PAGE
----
Kenya announced a ban on Thursday on demonstrations in the central business districts of key cities including Nairobi amid a deepening standoff between the ruling party and the opposition over a presidential election re-run.
Internal Security Minister Fred Matiangi said protesters who violated the ban in Nairobi, the western city of Kisumu, and the coastal city of Mombasa would be held personally liable for any damage.
The three cities are strongholds of opposition support, and have seen repeated confrontations between riot police and opposition supporters in recent weeks.
The ban was imposed “due to the clear, present and imminent danger of breach of peace”, said Matiangi.
On Wednesday in Nairobi, police briefly used tear gas to disperse protesters who threw stones at passing cars. However, the crowd later dispersed peacefully.
President Uhuru Kenyatta and opposition leader Raila Odinga were set to go to the polls in a repeat presidential election on October 26, after the Supreme Court nullified Kenyatta’s win in August 8 polls over procedural irregularities.
But this week Odinga announced he was withdrawing from the race, throwing the East African nation into political turmoil.
On Wednesday, the election board said the polls would be held anyway, and all eight of the original presidential candidates would be on the ballot.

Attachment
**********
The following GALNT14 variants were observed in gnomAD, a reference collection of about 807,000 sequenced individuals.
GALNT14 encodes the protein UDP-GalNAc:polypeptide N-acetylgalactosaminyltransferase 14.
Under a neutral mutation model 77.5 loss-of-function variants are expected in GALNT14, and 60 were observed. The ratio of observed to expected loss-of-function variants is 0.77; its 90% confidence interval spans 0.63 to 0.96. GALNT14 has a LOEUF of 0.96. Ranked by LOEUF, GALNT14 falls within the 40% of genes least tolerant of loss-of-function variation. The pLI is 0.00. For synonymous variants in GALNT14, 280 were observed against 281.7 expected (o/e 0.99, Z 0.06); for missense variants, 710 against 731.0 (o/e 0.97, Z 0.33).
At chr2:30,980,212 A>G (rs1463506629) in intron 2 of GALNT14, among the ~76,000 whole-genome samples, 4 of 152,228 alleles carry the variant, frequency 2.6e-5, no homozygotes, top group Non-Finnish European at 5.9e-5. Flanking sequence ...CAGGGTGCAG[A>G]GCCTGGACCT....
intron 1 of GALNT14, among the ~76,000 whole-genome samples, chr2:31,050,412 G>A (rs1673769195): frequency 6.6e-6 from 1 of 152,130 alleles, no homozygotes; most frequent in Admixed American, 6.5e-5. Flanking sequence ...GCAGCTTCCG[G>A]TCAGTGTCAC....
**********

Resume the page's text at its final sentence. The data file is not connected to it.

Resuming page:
Matiangi said opposition protests had seen “attacks on police stations, attacks on police officers occasioning grievous bodily harm, serious disruption of normal business, assault on innocent civilians, destruction and looting of property”.
Odinga’s opposition alliance called for demonstrations demanding electoral reforms and new elections, raising fears of further clashes between his supporters and police.
Odinga said without fundamental reforms to the Independent Electoral and Boundaries Commission (IEBC), the vote would not be free and fair.
A Kenya rights group said this week that at least 37 people were killed in protests immediately following the August 8 poll. Most were killed by police.